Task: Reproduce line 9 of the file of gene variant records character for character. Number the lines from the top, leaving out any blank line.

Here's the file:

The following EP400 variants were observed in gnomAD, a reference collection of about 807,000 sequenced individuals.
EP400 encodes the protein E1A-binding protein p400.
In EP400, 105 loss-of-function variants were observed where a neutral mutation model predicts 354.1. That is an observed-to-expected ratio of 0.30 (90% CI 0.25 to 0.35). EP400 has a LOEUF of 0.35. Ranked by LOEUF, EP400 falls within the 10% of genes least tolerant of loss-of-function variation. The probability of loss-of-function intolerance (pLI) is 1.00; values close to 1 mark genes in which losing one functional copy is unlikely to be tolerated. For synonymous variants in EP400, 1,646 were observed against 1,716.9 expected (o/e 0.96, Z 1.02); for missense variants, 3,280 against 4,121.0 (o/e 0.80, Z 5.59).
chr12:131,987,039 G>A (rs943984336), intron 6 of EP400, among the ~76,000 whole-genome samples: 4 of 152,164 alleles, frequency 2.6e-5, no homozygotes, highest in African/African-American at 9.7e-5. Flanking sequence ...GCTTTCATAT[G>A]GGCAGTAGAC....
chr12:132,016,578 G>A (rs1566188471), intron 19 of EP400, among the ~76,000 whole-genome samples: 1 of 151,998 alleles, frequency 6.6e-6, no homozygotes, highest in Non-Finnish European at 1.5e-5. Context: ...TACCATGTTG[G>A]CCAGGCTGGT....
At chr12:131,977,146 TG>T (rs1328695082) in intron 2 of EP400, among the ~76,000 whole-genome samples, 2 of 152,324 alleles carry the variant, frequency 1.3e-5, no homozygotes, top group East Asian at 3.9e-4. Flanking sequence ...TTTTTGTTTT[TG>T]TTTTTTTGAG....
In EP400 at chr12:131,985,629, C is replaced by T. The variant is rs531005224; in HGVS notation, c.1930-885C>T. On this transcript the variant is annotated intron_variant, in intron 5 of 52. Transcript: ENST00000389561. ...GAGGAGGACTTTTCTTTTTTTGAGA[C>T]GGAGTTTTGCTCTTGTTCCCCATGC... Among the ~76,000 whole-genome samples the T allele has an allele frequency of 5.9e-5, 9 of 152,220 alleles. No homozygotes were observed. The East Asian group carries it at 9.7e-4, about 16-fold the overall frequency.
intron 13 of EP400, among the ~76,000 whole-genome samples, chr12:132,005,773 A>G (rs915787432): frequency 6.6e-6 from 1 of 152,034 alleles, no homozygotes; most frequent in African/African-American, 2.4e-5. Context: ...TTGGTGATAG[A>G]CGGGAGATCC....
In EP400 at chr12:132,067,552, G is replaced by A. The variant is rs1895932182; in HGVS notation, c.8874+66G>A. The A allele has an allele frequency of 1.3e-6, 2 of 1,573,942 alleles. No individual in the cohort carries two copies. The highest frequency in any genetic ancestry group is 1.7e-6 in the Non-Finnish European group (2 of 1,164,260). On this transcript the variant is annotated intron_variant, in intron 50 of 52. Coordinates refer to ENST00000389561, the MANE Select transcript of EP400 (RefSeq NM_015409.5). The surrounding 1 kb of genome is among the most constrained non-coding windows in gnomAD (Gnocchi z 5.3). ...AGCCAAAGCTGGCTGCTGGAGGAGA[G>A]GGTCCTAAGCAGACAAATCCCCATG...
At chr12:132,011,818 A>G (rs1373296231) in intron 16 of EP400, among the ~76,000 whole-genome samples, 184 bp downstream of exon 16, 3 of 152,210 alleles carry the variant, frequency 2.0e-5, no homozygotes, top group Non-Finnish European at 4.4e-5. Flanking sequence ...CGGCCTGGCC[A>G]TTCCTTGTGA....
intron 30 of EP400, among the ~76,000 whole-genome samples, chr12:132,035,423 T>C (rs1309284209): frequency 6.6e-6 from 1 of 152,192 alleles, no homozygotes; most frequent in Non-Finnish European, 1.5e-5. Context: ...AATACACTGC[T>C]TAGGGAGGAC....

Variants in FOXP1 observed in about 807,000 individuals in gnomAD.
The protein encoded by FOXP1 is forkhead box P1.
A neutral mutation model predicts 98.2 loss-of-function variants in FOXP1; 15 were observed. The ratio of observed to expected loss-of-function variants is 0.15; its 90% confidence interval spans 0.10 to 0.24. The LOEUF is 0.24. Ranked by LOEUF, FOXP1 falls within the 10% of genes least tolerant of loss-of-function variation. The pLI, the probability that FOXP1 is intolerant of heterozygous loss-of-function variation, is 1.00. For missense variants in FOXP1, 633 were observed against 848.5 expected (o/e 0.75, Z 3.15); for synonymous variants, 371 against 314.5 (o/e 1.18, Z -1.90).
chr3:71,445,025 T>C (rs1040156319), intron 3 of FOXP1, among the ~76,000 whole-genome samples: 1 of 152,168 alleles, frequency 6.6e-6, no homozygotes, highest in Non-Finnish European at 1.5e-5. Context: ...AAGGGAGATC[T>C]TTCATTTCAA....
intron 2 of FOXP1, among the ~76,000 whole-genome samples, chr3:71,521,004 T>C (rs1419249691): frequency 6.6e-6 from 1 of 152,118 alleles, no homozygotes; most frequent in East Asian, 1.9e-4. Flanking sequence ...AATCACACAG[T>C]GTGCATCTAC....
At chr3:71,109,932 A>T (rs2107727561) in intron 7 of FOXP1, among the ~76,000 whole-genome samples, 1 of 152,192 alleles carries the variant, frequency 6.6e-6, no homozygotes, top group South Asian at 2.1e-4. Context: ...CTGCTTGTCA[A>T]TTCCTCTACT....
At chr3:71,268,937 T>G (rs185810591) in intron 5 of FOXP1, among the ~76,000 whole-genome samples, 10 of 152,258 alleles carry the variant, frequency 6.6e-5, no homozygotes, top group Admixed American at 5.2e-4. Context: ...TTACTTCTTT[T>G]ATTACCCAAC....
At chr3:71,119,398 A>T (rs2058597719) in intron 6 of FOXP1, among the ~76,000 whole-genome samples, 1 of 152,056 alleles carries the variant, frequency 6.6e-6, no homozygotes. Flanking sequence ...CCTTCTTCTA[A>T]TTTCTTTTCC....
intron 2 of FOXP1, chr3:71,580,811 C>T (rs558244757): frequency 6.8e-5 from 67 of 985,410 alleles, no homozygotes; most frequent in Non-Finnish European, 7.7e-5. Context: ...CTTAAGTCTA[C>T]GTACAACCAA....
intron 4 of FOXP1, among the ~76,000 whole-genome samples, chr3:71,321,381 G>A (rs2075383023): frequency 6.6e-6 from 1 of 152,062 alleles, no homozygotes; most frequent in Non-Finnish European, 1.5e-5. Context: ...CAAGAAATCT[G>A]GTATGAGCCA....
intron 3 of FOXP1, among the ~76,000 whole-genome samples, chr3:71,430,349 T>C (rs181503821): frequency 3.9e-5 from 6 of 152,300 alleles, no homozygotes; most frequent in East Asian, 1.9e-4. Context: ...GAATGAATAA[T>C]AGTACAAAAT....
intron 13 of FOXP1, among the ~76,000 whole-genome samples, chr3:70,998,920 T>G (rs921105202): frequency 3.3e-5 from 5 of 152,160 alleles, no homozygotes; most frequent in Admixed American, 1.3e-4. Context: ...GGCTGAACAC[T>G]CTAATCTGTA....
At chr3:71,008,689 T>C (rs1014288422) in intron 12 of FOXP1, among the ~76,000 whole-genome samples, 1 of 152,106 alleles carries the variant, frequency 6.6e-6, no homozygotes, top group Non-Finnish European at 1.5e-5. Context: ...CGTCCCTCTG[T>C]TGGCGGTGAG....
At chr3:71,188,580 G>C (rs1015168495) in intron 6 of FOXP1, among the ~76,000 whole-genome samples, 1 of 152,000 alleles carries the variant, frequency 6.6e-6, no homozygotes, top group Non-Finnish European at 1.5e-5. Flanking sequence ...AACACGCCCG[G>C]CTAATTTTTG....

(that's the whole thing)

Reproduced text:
In EP400 at chr12:132,067,552, G is replaced by A. The variant is rs1895932182; in HGVS notation, c.8874+66G>A. The A allele has an allele frequency of 1.3e-6, 2 of 1,573,942 alleles. No individual in the cohort carries two copies. The highest frequency in any genetic ancestry group is 1.7e-6 in the Non-Finnish European group (2 of 1,164,260). On this transcript the variant is annotated intron_variant, in intron 50 of 52. Coordinates refer to ENST00000389561, the MANE Select transcript of EP400 (RefSeq NM_015409.5). The surrounding 1 kb of genome is among the most constrained non-coding windows in gnomAD (Gnocchi z 5.3). ...AGCCAAAGCTGGCTGCTGGAGGAGA[G>A]GGTCCTAAGCAGACAAATCCCCATG...